Push. Pull. Push. Pull. When it comes to building a relationship with your audience‐
whether prospective students, alumni, prospective donors, or others-it’s critical that you balance “pull” technologies (your website) with “push” technologies (email).
The challenge is to create good, compelling broadcast email that makes your message clear and drives the recipient to action. And that’s tough. We offer three principles for effective email.
1. Above all else, DON’T be a spammer!
Don’t even pretend to be one. What does that mean?
First, use good lists. This isn’t likely a problem for colleges, which tend to operate from existing lists of alumni/donors and interested prospectives, but don’t even be tempted to buy unqualified lists from spammish sources.
Second, don’t include words that make your email look like spam. Lots of spam filters now use content‐based filtering to look for suspicious language. We’d offer you a dozen examples, but then this email would wind up in the spam box‐
instead, visit this list. You’ll be surprised-there are quite a few that aren’t immediately obvious and get used by legit emailers all the time.
Third, make it personal in every way. The FROM should be a human, not a department or institution. (Or, even better: “John Smith, State U Alumni Director.”) Address the recipient by name in the body of the email (as in: “Dear Rick”)—don’t put the name in the subject line, a common spammer trick. And most important: personalize the email itself with content that matters to the recipient and a personal tone of voice. Remember: institutions don’t speak, people do.
Fourth, don’t send over‐designed HTML email. If you do send HTML email, keep it simple: a little typography, a little highlight color (never spammy red), and a graphic or two. Too many tables, menus, graphics, and font tags will make your email look spammish to humans and to automated spam filters.
Fifth, use an email service provider. Besides making your life easier and simplifying data‐collection about your email traffic, an ESP will help ensure that your email gets to the inbox. Good ESPs have relationships with the major email services, and many participate in the Bonded Sender Program (a surefire way into the inbox). The worst‐case scenario? Your broadcast email gets flagged as spam and the big email systems block all inbound email from your college. It’s happened before: don’t let it happen to you!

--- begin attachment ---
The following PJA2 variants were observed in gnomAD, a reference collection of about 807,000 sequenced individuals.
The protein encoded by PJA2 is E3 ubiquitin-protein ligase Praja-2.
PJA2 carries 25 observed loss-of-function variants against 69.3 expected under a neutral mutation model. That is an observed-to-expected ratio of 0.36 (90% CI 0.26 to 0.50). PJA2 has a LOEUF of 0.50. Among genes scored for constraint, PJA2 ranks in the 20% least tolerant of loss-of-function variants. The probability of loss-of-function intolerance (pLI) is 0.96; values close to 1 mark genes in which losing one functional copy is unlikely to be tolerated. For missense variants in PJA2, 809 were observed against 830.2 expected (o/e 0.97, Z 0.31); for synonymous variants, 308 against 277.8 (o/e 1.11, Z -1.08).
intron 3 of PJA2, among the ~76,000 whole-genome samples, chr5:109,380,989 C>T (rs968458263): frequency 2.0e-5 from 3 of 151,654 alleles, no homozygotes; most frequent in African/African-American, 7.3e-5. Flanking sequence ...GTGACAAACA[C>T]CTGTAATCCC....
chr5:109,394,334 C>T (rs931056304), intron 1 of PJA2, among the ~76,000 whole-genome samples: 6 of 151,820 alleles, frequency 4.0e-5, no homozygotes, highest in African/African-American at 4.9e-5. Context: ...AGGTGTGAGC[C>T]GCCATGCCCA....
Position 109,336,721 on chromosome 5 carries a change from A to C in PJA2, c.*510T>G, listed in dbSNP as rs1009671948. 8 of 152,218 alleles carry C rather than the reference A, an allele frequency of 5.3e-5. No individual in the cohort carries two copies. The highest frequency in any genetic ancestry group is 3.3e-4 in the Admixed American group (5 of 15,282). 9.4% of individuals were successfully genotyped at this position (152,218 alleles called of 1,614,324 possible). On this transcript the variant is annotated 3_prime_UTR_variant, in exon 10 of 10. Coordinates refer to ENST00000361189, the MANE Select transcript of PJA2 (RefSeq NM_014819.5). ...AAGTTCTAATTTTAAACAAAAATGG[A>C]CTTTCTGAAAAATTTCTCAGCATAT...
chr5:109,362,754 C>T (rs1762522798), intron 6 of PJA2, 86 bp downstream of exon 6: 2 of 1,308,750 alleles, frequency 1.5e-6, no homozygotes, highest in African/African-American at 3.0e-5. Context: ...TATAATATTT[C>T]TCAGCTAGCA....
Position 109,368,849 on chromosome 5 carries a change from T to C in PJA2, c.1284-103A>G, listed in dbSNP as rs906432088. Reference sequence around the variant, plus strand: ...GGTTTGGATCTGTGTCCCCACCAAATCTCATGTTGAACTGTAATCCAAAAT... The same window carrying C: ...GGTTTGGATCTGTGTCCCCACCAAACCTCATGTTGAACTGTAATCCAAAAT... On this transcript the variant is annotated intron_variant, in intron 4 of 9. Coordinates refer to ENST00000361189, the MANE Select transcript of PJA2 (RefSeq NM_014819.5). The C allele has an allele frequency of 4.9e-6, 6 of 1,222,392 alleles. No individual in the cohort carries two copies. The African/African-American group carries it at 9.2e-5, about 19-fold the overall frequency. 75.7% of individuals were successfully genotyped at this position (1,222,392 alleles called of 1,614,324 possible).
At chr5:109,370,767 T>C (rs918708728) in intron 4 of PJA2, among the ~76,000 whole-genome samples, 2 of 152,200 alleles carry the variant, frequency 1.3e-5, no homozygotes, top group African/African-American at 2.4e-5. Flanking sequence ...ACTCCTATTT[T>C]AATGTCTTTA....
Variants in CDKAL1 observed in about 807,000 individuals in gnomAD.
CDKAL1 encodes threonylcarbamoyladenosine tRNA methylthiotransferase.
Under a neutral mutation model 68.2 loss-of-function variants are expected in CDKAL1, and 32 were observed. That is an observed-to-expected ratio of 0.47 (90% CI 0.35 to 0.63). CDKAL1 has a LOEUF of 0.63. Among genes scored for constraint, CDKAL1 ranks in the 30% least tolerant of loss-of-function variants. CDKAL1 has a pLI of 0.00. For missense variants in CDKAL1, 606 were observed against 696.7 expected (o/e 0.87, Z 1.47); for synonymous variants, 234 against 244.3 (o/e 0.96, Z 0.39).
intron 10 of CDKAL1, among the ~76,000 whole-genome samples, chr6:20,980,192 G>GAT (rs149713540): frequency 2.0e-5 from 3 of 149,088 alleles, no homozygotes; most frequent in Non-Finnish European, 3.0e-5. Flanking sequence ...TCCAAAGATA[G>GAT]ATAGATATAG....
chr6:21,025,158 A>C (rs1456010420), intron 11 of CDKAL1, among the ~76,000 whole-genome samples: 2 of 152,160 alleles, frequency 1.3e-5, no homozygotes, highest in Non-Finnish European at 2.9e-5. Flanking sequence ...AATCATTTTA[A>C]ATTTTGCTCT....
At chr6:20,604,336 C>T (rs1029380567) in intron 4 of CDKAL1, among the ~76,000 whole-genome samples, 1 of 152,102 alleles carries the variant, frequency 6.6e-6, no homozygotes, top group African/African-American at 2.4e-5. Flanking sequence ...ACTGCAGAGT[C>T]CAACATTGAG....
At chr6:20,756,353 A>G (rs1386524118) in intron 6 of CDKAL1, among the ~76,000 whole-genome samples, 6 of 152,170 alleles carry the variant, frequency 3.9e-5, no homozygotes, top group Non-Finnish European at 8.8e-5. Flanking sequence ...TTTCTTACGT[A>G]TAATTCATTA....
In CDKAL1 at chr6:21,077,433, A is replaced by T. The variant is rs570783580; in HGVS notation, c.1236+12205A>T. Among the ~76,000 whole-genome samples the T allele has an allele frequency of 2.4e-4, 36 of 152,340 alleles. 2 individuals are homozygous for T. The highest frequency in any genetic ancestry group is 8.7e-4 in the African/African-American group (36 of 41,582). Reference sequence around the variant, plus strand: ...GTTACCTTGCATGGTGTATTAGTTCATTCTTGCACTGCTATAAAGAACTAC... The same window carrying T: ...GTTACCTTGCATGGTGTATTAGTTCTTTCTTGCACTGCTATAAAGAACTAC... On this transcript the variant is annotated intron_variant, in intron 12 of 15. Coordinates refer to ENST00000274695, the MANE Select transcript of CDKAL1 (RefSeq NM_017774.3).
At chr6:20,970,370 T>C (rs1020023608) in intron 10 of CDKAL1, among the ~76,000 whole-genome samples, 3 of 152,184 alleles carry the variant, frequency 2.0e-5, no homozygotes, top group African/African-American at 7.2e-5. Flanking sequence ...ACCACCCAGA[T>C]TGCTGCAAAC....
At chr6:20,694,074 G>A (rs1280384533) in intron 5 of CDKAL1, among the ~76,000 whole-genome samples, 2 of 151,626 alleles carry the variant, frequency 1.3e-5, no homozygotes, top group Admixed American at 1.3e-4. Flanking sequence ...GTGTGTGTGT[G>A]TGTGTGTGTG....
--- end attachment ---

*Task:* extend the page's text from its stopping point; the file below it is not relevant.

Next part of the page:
Sixth, unsubscribe means unsubscribe. Really. People have legitimate reasons for unsubscribing; in fact, an unsubscribe often is followed by a re‐subscribe with another address. Don’t keep people on the list with the idea that “just one more email and they’ll see the value of our message.”
2. Test your broadcast emails.
Email is cheap, instant, and easy to track. That makes it light‐years better than printed direct mail when it comes to researching effective messages. Test small sample sizes, and when you find the best one, send it to your big list.
The Howard Dean campaign used this to marvelous effect. I happened to be signed up on the Dean email list with three separate addresses. Back when Bill Bradley endorsed him, I received the same message three times—with three very different subject lines:
3. Don’t send single asks—launch an email “campaign.”
Raising money by email isn’t a one‐shot deal. You’ve got to design a campaign built around multiple asks that are varied and diverse.
As certified‐smart‐guy Vinay Bhagat, the founder of Convio, recently told us: “You’ve got to design a campaign that’s effective for your audience, test specific messages on sub‐samples, and then measure results across the entire campaign, not on an email‐by‐email basis.”
For example, Bhagat says, “If an organization’s first email targets 1,000 people and generates 50 responses (i.e., a 5 percent response rate), then the next email should be sent to the 950 people who did not respond. Continuing to ask the 50 respondents to take action when they’ve already done so runs the risk of annoying and alienating people who have already provided support.”
Michael Stoner Co-Founder and Co-Owner Was I born a skeptic or did I become one as I watched the hypestorm gather during the dotcom years, recede, and congeal once more as we come to terms with our online, social, mobile world? Whatever. I'm not much interested in cutting edge but what actually works for real people in the real world. Does that make me a bad person?